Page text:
Column: Chapman must make better decisions under center for Aztecs


Photo by Kelly Smiley

Then-junior quarterback Christian Chapman throws a pass during the Aztecs' 42-23 victory over University of Nevada last year on Nov. 18 at SDCCU Stadium.

by Kyle Betz, Staff Writer

San Diego State football senior quarterback Christian Chapman entered the first game of the season one win away from becoming the winningest quarterback in SDSU history.

During his first chance against Stanford on Aug. 31, however, Chapman failed to deliver for the Aztecs in a 31-10 loss.

Chapman threw 10-for-15 for 113 yards against a solid Stanford secondary, and while these stats are productive for a run-centered offense, his decision-making posed some questions.

With 7:27 left in the second quarter, Chapman was being chased down by a Stanford defensive tackle his own end zone. Chapman rolled out to his right and, rather than throwing the ball out of bounds, was tackled in his own end zone while he tried to get rid of the ball.

The play was ruled a safety, giving Stanford its first two points of the game and possession of the football.

At the 13:30 mark of the third quarter, Chapman was under pressure yet again. He was able to escape one defender, but was brought down by a trio of Cardinal defenders as he ran backwards.

Chapman was sacked five times total, and while the offensive line shares blame, Chapman had several opportunities to throw the ball away rather than attempting to escape Stanford defenders, which could have prevented lost yardage for the Aztecs.

Associate head coach/offensive coordinator Jeff Horton said Chapman needs to play better.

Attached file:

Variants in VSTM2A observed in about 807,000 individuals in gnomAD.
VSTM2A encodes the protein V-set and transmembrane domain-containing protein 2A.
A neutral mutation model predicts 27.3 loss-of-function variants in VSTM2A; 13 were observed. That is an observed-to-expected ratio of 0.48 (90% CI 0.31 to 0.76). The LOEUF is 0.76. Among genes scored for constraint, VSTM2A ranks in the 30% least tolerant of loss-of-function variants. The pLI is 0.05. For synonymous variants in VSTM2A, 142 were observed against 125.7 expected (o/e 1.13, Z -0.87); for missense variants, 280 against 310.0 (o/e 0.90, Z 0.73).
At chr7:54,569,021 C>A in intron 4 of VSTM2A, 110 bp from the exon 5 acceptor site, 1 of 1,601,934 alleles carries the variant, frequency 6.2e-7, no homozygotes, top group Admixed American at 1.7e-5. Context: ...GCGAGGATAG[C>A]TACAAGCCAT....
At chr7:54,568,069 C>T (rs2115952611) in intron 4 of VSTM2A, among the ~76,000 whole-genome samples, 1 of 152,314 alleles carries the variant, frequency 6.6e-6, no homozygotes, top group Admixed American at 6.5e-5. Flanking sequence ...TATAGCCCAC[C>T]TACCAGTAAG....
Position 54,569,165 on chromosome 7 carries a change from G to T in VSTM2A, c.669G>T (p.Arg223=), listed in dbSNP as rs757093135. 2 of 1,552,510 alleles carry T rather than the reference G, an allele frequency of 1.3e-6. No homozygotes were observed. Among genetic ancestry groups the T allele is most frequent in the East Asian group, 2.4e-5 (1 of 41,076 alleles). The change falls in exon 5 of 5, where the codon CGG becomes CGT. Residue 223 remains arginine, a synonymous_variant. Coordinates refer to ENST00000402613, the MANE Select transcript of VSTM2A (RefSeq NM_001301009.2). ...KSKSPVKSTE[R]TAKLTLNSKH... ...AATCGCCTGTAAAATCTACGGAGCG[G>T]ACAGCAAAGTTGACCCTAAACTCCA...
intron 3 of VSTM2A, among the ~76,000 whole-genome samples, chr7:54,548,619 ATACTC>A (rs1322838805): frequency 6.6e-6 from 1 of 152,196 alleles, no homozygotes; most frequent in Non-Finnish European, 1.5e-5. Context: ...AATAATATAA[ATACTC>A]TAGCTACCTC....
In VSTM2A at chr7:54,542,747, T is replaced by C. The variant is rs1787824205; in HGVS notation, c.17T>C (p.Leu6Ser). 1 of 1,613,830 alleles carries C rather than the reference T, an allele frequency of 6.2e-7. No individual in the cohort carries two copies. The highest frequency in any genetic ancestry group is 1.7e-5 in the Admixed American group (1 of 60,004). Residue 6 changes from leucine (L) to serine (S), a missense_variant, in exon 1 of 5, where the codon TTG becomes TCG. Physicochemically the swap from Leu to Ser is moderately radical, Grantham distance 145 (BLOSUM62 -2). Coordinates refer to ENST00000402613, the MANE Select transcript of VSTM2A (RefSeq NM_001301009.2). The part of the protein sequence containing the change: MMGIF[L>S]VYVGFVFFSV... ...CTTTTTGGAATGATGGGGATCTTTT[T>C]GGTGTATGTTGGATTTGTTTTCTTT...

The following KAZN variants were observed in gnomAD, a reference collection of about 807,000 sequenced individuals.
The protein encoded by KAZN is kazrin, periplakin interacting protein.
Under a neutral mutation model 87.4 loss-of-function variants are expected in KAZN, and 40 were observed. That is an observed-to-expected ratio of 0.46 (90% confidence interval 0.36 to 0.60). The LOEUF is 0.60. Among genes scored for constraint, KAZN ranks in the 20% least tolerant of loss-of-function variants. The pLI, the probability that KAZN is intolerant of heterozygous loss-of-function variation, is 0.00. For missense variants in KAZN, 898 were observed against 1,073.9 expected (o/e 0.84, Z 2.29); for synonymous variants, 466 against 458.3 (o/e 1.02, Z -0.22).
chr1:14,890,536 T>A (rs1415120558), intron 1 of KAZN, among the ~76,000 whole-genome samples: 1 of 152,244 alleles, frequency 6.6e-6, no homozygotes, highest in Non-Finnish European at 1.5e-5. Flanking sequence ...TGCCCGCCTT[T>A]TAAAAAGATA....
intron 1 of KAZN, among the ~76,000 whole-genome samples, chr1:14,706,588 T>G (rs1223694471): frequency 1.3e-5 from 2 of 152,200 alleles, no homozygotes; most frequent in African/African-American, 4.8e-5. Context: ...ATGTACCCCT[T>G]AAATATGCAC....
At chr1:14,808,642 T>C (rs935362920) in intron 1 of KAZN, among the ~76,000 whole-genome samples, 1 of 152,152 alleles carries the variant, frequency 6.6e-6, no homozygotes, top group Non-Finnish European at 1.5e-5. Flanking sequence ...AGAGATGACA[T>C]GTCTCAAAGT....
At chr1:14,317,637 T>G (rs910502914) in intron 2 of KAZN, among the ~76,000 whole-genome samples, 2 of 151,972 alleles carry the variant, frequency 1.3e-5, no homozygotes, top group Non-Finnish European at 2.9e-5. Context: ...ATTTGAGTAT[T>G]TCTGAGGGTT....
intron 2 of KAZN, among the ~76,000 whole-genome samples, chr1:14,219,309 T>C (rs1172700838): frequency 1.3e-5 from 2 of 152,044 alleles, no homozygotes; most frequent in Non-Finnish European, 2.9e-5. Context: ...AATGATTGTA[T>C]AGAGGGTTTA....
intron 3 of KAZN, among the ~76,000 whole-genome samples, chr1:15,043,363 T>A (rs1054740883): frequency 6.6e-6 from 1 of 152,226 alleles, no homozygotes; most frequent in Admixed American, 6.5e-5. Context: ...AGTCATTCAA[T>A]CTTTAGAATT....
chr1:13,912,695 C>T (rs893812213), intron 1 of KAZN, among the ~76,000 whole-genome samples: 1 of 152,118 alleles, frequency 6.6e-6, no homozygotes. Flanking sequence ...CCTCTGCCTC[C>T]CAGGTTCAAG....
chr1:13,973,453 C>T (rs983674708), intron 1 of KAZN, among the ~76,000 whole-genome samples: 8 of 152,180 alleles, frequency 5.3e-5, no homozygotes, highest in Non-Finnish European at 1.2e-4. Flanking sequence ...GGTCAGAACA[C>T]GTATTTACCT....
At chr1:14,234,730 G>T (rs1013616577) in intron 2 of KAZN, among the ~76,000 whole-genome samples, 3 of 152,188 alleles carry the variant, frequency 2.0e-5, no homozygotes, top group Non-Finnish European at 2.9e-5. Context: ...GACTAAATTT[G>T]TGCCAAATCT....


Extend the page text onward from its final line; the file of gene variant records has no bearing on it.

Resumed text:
“Obviously we need him to play better for us. (Chapman) did some uncharacteristic things that he hasn’t done in the past,” Horton said. “He was really into the game, maybe too excited at times.”

Chapman was impressive on a drive early in the third quarter, however, he completed five passes on seven attempts and drove the Aztecs to Stanford’s 13-yard line, eventually leading to a field goal.

Chapman never took any chances throwing deep, even as the deficit increased. His longest completion of the game was 28 yards to sophomore wide receiver Tim Wilson Jr., but the pass was caught just 11 yards past the line of scrimmage.

Horton said that throwing the ball deep is especially difficult in tough third and long scenarios.

“They play a lot of times with a very high safety, more NFL style with guys back there 15-20 yards deep,” Horton said. “If it’s third (and long), I’m not gonna play it to the defensive hand and try to force the ball down the field, get an interception or something like that.”

Between all components on offense, the Aztecs inability to find a true rhythm in the air was the deciding factor against an experienced Stanford defense.

Horton said that Chapman will learn from the loss and be ready to face Sacramento State on Sept. 8 at SDCCU Stadium.

“I know Christian; he’s a winner,” Horton said. “He’ll bounce back this week and be ready to go. (He’ll) be able to get things back under control.”

If Chapman is able to make smarter decisions while under pressure, SDSU might not always have to rely on the run game as a security blanket.

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